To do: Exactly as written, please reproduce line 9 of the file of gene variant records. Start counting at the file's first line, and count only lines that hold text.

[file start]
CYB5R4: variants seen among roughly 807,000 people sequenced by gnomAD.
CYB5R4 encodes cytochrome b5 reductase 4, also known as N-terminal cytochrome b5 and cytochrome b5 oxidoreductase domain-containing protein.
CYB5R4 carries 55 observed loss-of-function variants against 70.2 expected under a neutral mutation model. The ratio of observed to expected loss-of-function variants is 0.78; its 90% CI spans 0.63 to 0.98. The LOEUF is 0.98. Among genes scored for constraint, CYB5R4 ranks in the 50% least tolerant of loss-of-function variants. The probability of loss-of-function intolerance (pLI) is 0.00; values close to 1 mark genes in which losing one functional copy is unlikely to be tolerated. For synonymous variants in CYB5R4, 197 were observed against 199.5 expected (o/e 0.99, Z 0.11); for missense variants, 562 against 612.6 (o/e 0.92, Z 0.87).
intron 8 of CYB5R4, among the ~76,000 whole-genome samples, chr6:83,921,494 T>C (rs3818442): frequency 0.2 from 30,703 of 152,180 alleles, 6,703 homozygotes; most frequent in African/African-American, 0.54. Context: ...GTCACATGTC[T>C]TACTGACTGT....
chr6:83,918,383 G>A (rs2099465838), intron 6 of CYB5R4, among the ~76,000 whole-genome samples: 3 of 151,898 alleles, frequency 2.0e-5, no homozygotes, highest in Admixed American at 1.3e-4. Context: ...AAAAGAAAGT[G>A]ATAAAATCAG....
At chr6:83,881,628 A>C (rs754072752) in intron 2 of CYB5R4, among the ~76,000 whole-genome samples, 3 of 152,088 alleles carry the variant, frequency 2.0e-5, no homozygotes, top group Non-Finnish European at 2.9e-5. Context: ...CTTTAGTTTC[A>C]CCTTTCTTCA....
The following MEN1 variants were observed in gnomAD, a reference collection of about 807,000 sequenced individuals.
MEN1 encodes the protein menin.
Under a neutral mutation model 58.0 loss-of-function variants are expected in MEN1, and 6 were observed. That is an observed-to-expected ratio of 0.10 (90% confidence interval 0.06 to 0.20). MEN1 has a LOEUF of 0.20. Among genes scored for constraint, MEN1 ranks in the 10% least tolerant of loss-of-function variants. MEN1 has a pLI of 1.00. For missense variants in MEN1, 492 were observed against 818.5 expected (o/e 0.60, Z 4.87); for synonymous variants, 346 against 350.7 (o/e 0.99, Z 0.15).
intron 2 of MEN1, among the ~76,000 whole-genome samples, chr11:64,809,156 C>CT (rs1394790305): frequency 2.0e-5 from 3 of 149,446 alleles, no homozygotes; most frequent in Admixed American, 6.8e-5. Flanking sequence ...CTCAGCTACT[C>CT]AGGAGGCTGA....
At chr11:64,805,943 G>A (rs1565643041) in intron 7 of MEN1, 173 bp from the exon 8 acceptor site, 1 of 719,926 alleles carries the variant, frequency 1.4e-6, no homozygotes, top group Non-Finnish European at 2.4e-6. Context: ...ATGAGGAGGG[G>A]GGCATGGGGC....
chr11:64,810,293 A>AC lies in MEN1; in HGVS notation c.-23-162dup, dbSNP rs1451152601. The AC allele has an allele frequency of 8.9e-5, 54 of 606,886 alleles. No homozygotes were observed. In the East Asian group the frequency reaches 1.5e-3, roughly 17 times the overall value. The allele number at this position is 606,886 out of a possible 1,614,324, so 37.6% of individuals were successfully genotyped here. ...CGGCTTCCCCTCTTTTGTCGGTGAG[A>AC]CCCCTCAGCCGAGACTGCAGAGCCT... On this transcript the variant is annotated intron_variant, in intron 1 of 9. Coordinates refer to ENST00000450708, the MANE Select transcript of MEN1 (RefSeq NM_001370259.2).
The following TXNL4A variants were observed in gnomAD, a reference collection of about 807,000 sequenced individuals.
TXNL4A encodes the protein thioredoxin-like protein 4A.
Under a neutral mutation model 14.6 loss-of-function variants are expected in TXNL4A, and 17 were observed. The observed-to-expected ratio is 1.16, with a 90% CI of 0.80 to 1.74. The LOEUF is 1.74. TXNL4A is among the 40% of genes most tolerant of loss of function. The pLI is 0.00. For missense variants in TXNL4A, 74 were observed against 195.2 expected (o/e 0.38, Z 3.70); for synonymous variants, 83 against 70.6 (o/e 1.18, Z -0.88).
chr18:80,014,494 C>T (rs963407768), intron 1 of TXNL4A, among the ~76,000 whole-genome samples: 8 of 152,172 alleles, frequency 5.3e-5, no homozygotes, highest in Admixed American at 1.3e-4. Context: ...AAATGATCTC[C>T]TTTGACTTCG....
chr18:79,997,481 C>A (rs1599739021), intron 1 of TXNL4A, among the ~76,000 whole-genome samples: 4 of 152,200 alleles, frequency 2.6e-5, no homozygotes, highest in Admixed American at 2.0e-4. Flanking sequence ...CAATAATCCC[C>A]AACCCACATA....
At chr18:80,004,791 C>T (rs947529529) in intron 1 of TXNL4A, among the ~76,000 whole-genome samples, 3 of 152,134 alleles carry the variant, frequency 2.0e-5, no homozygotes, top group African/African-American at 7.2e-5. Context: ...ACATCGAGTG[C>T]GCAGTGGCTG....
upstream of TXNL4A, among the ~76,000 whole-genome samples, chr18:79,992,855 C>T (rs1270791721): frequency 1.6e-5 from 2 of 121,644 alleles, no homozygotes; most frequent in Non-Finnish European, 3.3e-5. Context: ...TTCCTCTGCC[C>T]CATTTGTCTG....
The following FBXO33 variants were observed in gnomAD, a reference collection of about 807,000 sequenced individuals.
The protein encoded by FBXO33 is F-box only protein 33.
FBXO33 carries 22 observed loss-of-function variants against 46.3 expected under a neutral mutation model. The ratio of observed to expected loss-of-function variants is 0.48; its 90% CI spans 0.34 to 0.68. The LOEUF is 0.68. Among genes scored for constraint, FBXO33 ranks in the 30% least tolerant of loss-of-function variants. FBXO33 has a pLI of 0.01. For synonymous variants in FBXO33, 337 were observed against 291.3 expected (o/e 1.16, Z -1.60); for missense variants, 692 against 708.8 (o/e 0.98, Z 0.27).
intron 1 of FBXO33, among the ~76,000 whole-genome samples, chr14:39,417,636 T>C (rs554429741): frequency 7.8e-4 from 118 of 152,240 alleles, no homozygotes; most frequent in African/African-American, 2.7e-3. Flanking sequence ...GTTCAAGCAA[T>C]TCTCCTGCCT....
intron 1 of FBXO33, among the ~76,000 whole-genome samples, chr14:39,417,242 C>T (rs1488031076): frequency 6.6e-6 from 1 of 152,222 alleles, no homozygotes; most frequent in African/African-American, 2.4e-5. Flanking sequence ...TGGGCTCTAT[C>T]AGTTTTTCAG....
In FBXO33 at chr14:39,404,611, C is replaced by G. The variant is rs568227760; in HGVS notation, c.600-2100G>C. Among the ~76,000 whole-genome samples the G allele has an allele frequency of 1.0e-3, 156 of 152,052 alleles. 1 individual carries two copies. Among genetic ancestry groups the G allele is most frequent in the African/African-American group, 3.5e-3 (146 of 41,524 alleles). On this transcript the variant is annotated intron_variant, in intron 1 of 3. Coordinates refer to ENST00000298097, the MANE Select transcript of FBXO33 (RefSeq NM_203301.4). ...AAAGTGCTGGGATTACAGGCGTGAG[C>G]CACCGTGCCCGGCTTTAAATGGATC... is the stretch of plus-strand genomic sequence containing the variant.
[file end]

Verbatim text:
Under a neutral mutation model 58.0 loss-of-function variants are expected in MEN1, and 6 were observed. That is an observed-to-expected ratio of 0.10 (90% confidence interval 0.06 to 0.20). MEN1 has a LOEUF of 0.20. Among genes scored for constraint, MEN1 ranks in the 10% least tolerant of loss-of-function variants. MEN1 has a pLI of 1.00. For missense variants in MEN1, 492 were observed against 818.5 expected (o/e 0.60, Z 4.87); for synonymous variants, 346 against 350.7 (o/e 0.99, Z 0.15).